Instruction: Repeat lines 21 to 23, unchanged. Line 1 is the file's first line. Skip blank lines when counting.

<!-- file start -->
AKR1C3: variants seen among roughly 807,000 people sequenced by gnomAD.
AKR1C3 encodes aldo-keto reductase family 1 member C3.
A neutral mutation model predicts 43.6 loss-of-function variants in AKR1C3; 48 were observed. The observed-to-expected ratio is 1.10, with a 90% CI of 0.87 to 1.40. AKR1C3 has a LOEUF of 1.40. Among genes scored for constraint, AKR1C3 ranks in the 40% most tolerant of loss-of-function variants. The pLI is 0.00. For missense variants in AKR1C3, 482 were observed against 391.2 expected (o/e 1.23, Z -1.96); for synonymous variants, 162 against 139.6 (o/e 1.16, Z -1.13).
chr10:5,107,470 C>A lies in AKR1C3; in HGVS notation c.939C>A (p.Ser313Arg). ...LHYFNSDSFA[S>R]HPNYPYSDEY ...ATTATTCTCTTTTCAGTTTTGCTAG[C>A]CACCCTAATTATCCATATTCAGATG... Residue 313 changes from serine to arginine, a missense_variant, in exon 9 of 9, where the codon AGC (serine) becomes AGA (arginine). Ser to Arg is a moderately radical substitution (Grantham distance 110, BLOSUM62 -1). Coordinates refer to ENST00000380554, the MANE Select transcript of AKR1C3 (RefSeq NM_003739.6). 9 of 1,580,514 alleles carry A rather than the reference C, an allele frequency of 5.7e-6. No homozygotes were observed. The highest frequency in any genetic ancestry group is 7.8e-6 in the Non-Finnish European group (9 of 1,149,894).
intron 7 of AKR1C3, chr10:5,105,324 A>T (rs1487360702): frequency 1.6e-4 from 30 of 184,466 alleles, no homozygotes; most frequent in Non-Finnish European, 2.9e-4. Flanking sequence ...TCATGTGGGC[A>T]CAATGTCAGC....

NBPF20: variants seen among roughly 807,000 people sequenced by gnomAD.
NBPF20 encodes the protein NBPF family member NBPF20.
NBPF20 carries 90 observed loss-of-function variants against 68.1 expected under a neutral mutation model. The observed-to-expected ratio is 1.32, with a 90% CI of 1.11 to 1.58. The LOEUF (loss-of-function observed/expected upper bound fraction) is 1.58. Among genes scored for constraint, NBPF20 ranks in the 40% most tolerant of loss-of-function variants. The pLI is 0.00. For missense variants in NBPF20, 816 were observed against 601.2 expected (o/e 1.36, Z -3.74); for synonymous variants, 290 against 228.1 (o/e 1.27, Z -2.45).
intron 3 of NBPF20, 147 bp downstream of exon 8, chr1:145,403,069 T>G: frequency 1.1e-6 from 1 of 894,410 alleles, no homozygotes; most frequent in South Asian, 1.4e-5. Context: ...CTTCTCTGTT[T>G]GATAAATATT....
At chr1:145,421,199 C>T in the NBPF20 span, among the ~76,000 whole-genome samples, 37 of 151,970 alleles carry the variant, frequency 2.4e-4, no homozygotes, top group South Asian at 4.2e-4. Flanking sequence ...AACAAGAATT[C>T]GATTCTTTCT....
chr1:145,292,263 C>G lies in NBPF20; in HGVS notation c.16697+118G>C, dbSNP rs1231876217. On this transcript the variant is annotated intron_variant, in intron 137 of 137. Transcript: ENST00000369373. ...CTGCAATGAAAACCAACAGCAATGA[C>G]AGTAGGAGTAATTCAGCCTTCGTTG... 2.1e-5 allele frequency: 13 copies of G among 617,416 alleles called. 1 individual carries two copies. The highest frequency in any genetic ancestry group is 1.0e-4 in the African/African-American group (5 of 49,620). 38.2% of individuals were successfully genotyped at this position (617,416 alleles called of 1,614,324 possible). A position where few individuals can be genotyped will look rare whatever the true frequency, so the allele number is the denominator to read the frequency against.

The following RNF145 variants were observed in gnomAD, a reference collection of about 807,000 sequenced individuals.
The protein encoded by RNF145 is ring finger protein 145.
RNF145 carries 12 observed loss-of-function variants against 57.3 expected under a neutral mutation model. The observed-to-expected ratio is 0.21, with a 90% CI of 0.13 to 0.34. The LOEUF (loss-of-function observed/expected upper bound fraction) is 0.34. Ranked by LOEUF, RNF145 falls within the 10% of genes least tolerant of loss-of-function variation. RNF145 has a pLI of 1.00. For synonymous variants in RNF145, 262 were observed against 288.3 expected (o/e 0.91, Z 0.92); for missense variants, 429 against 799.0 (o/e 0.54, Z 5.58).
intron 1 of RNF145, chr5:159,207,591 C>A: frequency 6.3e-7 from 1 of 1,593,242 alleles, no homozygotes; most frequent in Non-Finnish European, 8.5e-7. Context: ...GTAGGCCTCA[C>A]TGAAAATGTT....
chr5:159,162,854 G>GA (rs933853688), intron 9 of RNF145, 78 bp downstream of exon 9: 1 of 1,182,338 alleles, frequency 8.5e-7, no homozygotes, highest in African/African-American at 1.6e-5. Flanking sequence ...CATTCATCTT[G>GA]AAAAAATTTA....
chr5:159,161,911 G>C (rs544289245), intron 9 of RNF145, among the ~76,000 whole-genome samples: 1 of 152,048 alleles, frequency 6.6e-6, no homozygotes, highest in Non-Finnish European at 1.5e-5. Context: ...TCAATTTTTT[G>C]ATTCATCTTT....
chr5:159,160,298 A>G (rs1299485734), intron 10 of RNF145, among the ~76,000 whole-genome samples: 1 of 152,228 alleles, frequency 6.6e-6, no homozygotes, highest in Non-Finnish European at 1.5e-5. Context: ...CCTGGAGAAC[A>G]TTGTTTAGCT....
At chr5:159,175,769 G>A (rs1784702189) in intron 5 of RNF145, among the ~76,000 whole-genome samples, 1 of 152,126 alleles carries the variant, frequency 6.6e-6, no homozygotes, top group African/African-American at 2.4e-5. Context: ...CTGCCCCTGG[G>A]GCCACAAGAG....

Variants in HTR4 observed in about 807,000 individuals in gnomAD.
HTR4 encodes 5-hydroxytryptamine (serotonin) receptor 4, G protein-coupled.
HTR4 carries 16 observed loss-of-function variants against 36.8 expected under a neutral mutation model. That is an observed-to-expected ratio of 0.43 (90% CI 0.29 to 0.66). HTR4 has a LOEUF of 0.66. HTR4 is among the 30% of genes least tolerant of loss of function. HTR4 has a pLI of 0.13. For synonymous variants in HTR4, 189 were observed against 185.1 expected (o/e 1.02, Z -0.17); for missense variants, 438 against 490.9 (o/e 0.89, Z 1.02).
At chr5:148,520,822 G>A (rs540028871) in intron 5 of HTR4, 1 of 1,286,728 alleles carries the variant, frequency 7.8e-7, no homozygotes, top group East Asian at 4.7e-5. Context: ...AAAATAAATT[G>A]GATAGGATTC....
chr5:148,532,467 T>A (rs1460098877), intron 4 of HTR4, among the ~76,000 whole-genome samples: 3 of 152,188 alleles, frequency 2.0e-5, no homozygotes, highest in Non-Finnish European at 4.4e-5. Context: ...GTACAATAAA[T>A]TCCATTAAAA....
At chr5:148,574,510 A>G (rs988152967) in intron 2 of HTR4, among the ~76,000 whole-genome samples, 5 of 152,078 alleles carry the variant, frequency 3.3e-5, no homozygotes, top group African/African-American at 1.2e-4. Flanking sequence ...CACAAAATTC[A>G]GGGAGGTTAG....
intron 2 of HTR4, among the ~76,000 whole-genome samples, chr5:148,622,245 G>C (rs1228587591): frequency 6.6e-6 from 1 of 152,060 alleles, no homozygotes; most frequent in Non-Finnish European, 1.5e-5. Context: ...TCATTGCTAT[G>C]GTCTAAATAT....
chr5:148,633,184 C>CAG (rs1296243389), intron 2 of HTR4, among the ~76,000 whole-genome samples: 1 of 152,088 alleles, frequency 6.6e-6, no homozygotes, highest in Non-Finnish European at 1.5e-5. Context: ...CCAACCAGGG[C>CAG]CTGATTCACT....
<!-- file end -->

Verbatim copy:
HTR4 encodes 5-hydroxytryptamine (serotonin) receptor 4, G protein-coupled.
HTR4 carries 16 observed loss-of-function variants against 36.8 expected under a neutral mutation model. That is an observed-to-expected ratio of 0.43 (90% CI 0.29 to 0.66). HTR4 has a LOEUF of 0.66. HTR4 is among the 30% of genes least tolerant of loss of function. HTR4 has a pLI of 0.13. For synonymous variants in HTR4, 189 were observed against 185.1 expected (o/e 1.02, Z -0.17); for missense variants, 438 against 490.9 (o/e 0.89, Z 1.02).
At chr5:148,520,822 G>A (rs540028871) in intron 5 of HTR4, 1 of 1,286,728 alleles carries the variant, frequency 7.8e-7, no homozygotes, top group East Asian at 4.7e-5. Context: ...AAAATAAATT[G>A]GATAGGATTC....